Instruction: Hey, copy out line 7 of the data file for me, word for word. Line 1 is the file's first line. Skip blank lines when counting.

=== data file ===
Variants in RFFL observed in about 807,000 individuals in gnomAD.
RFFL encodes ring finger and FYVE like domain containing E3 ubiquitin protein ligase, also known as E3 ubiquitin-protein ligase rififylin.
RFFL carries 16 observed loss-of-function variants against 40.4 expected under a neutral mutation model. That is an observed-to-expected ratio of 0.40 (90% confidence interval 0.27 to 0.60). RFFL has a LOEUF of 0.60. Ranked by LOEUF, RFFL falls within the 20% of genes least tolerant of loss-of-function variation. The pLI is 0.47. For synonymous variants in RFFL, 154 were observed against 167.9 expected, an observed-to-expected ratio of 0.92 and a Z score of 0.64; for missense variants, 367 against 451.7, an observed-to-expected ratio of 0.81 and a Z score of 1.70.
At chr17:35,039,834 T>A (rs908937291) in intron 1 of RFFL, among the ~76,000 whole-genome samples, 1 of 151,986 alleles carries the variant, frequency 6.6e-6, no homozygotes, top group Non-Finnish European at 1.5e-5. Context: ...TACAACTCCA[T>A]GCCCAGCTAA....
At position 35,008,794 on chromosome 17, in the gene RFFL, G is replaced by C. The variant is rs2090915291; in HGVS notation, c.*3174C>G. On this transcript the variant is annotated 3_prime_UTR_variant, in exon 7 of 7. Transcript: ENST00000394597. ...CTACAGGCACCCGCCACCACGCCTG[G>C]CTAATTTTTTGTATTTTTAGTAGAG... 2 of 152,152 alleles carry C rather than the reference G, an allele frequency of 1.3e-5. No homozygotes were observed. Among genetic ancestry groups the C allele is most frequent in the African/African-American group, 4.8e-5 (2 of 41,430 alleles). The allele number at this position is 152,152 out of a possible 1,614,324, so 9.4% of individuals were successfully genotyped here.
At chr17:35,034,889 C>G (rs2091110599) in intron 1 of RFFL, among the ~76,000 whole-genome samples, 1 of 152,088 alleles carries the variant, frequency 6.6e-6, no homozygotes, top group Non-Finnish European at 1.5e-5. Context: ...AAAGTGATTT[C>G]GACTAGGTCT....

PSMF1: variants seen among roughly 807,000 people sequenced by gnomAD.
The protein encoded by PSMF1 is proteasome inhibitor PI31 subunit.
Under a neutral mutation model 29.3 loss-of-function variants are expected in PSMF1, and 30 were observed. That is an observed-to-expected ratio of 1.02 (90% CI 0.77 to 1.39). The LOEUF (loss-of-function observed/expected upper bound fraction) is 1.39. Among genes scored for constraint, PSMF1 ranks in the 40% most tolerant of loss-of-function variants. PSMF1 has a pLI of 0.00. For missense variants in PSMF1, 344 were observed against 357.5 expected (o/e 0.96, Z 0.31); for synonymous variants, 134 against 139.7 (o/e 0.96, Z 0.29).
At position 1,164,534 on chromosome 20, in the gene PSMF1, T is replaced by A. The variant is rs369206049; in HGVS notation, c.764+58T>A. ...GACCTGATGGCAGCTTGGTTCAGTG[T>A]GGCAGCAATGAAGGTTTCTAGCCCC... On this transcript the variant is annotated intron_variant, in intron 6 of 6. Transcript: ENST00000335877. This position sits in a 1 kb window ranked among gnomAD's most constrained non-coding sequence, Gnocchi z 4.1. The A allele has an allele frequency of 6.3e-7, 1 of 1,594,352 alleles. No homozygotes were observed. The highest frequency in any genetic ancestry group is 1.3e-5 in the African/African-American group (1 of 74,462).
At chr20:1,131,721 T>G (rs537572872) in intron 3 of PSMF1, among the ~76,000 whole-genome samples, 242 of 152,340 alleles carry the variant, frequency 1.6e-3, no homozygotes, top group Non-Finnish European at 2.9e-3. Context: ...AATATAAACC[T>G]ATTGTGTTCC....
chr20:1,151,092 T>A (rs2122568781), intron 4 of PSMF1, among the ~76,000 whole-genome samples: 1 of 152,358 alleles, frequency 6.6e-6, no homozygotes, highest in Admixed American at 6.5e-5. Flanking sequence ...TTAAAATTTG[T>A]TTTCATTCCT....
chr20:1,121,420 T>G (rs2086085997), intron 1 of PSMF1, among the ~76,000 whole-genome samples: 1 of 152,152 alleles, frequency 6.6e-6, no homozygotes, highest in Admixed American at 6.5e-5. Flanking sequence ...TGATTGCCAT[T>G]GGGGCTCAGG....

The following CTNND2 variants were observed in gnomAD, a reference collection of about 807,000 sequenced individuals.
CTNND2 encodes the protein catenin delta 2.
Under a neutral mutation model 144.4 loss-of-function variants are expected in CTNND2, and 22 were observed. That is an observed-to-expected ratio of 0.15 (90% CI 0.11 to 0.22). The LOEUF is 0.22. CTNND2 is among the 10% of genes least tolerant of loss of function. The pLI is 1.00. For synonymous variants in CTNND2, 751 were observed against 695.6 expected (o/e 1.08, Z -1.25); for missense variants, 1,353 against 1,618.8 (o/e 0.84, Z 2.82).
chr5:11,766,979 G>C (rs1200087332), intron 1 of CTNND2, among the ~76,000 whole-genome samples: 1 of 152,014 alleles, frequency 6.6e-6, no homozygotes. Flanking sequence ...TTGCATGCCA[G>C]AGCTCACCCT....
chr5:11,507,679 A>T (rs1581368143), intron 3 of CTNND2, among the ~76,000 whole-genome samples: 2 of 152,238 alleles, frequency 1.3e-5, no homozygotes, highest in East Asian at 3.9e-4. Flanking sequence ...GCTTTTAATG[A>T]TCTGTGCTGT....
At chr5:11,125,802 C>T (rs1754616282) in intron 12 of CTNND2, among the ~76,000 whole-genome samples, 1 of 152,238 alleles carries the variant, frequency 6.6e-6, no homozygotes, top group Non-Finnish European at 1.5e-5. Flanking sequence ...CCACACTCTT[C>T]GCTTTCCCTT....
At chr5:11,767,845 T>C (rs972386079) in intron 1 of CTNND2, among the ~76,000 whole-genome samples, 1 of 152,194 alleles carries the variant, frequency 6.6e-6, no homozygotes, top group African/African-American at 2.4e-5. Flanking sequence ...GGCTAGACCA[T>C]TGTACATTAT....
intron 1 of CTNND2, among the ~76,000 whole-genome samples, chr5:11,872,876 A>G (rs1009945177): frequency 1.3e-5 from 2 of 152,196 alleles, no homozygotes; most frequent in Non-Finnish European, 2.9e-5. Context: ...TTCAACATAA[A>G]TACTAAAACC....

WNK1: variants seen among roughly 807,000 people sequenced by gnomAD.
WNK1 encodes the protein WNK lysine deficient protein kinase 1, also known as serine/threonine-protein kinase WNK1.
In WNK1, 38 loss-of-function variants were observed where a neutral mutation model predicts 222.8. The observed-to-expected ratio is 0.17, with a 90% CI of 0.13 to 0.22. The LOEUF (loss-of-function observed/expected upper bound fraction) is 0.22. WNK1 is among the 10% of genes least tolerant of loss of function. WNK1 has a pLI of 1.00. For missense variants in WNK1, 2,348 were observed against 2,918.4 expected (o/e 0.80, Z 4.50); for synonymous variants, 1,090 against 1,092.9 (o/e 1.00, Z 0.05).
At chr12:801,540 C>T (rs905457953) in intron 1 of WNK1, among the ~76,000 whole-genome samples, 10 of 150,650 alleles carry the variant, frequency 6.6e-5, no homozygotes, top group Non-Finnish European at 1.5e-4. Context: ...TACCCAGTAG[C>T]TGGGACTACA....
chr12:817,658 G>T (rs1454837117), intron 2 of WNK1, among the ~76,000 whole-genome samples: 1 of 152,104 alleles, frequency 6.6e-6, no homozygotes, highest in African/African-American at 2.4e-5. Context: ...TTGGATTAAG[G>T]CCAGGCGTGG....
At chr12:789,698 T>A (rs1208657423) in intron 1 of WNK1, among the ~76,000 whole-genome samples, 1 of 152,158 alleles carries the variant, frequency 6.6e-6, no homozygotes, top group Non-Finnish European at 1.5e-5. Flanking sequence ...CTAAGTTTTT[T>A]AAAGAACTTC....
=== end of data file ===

PSMF1: variants seen among roughly 807,000 people sequenced by gnomAD.